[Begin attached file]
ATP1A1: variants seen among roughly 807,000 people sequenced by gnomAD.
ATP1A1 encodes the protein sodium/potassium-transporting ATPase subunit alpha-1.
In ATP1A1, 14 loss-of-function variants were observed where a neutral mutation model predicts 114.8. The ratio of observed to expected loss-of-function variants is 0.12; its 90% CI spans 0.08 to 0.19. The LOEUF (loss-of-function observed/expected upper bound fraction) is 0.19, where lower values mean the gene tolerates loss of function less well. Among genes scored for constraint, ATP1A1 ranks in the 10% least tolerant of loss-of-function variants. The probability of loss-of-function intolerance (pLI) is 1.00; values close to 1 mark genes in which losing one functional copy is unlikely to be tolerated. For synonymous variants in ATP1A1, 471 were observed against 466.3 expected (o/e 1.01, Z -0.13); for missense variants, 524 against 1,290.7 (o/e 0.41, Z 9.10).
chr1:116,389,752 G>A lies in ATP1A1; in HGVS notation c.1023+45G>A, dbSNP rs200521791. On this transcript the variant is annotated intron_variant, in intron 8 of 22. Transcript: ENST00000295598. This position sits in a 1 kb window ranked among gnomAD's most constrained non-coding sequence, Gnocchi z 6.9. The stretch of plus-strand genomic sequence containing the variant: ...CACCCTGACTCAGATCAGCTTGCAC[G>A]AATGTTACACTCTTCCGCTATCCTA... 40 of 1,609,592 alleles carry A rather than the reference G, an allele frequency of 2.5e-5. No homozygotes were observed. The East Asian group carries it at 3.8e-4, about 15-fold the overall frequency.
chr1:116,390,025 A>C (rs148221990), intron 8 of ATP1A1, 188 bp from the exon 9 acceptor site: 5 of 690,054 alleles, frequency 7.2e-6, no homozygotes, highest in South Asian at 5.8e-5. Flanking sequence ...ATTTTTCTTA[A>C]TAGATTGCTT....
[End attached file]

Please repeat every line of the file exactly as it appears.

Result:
ATP1A1: variants seen among roughly 807,000 people sequenced by gnomAD.
ATP1A1 encodes the protein sodium/potassium-transporting ATPase subunit alpha-1.
In ATP1A1, 14 loss-of-function variants were observed where a neutral mutation model predicts 114.8. The ratio of observed to expected loss-of-function variants is 0.12; its 90% CI spans 0.08 to 0.19. The LOEUF (loss-of-function observed/expected upper bound fraction) is 0.19, where lower values mean the gene tolerates loss of function less well. Among genes scored for constraint, ATP1A1 ranks in the 10% least tolerant of loss-of-function variants. The probability of loss-of-function intolerance (pLI) is 1.00; values close to 1 mark genes in which losing one functional copy is unlikely to be tolerated. For synonymous variants in ATP1A1, 471 were observed against 466.3 expected (o/e 1.01, Z -0.13); for missense variants, 524 against 1,290.7 (o/e 0.41, Z 9.10).
chr1:116,389,752 G>A lies in ATP1A1; in HGVS notation c.1023+45G>A, dbSNP rs200521791. On this transcript the variant is annotated intron_variant, in intron 8 of 22. Transcript: ENST00000295598. This position sits in a 1 kb window ranked among gnomAD's most constrained non-coding sequence, Gnocchi z 6.9. The stretch of plus-strand genomic sequence containing the variant: ...CACCCTGACTCAGATCAGCTTGCAC[G>A]AATGTTACACTCTTCCGCTATCCTA... 40 of 1,609,592 alleles carry A rather than the reference G, an allele frequency of 2.5e-5. No homozygotes were observed. The East Asian group carries it at 3.8e-4, about 15-fold the overall frequency.
chr1:116,390,025 A>C (rs148221990), intron 8 of ATP1A1, 188 bp from the exon 9 acceptor site: 5 of 690,054 alleles, frequency 7.2e-6, no homozygotes, highest in South Asian at 5.8e-5. Flanking sequence ...ATTTTTCTTA[A>C]TAGATTGCTT....